There is still time to take advantage of ways to minimize your 2019 tax bill before the end of the year. Below are a few items that you might want to consider before the end of the year. If you have any questions on how any of these techniques may apply to your personal tax situation, please contact us.
A key deadline for opportunity zones, an incentive including in the 2017 tax law for taxpayers to invest capital gains income into distressed areas, runs out at the end of the year. Before this happens you should consider trying out these financial services marketing tactics to learn how to save money and keep your finances on track.
Taxpayers can defer the tax bill on their investment until the end of 2026, or whenever they sell. Additionally, if they invest by the end of this year, they can get a 15% “basis step up,” meaning that they are only taxed on 85% of their investment. If they invest after this year, they have to pay tax on 90% of the money contributed.
Additionally, that money grows tax-free while invested in the fund, giving investors another reason to consider opportunity zones. Investors have 180 days from the time they sell stock or a business to put that money into an opportunity zone fund.
Home Mortgage Tax Deduction
The 2017 tax law also restricted the mortgage interest deduction to loans equal to or less than $750,000. The result is that some taxpayers buying expensive homes are finding other ways to finance their purchases, Sprong said, and you can also contact professionals family lawyers.
Instead of taking out a mortgage for the full amount, some taxpayers are taking out a mortgage up to the $750,000 limit, and then in a separate transaction borrowing the additional funds through a regular loan.
Estate Tax Deduction
The 2017 tax law approximately doubled the estate tax resolution, which gives wealthy taxpayers some time to make plans for their assets when they die. The lifetime exclusion for 2019 is $11.4 million for an individual or twice that for a married couple, and the annual gift tax limit is $15,000.
The IRS has said it won’t make those gifts taxable if a future Congress votes to lower the estate tax limit. But still, it’s smart to make those gifts now. This doesn’t have to be done by the end of 2019, but waiting beyond the 2020 election risks the political mood shifting in favor of estate taxes.
Small Business Tax Break
If you’re self-employed or a small business owner you may be eligible for a 20% deduction off your business income. But it can be subject to lots of limitations depending on your field, the amount you invest in equipment, or how much you pay employees. If you’re below certain thresholds -- $321,400 for a couple or $160,700 for an individual in 2019 -- you automatically get the tax break.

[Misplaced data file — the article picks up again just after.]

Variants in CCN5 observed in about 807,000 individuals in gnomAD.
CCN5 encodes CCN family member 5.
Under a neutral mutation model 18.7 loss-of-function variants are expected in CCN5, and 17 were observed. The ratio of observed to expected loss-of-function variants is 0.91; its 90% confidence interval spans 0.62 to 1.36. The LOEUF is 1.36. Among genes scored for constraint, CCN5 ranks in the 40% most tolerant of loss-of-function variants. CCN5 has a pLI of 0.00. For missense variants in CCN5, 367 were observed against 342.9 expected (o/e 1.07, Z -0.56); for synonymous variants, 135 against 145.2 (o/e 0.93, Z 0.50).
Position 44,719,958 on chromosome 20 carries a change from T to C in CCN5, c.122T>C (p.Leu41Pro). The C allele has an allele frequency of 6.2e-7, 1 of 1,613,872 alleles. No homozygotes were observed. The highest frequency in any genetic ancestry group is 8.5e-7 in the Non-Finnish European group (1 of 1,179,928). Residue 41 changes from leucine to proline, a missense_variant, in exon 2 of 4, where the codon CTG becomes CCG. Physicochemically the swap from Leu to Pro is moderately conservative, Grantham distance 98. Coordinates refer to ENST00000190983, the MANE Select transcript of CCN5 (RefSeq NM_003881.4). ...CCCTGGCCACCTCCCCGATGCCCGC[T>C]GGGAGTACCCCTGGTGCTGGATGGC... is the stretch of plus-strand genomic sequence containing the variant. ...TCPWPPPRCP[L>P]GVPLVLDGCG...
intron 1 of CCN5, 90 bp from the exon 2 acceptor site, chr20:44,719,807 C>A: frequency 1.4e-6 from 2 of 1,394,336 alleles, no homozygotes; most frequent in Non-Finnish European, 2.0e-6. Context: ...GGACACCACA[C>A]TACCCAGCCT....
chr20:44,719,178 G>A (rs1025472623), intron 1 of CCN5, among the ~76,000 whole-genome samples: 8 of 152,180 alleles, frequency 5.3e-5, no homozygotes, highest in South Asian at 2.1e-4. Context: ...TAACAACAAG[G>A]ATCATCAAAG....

For people above those limits, there are several ways to legally reduce your taxable income to get under the caps, which is particularly important for doctors, lawyers and accountants who can’t claim the deduction at all if they are above those levels.
Self-employed individuals can also reduce their taxable income by as much as $225,000 if they make contributions to a defined benefit retirement plan.
Borrowers can use personal loans for all kinds of purposes, but can the Internal Revenue Service (IRS) treat loans like income and tax them? The answer is no, with one significant exception: Personal loans are not considered income for the borrower unless the loan is forgiven.
In other words, you cannot be taxed on loan proceeds unless the lender grants the borrower a reprieve on paying back the debt owed. This is known as loan forgiveness. In the event a loan is forgiven, the proceeds associated with the original loan are considered cancellation of debt (COD) income. And COD income can be taxed.1
Personal loans can be made by a bank, an employer, or through peer-to-peer lending networks, and because they must be repaid, they are not taxable income.
If a personal loan is forgiven, however, it becomes taxable as cancellation of debt (COD) income, and a borrower will receive a 1099-C tax form for filing.
Under certain circumstances debt forgiveness is not considered COD income, such as when a loan from a private lender is forgiven as a gift or when qualified student loan debt is canceled when the recipient works for a period of time in certain professions.
Personal loans can be loans made by a bank, an employer, or through peer-to-peer (P2P) lending networks. They can be used for just about anything by a borrower, but some common uses include consolidating debt, planning a wedding, or making other large purchases. While home loans and car loans offer collateral (the bank may take your home or car if you do not pay), personal loans are often unsecured, which means they are made with no collateral. As such, they are riskier, and interest rates therefore may be higher. But because personal loans must be repaid, they are not considered taxable income. For example if you are looking for a home loan, take in consideration that Living there will give you an insight into what your every day will be like, and it can point out things like bad neighbors and property problems. You are building purchasing equity with every monthly payment. If you opt for a longer-term, this can become a considerable sum towards a final purchase.
Cancellation of Debt (COD) Income
A debt is canceled when a lender allows a borrower to not pay back part or all of the loan. Debt cancellation can often be obtained by negotiating with the lender for relief, often due to financial distress, completing debt settlement programs, or filing for bankruptcy. Once a debt is forgiven, it is considered income. Borrowers should receive a 1099-C tax form.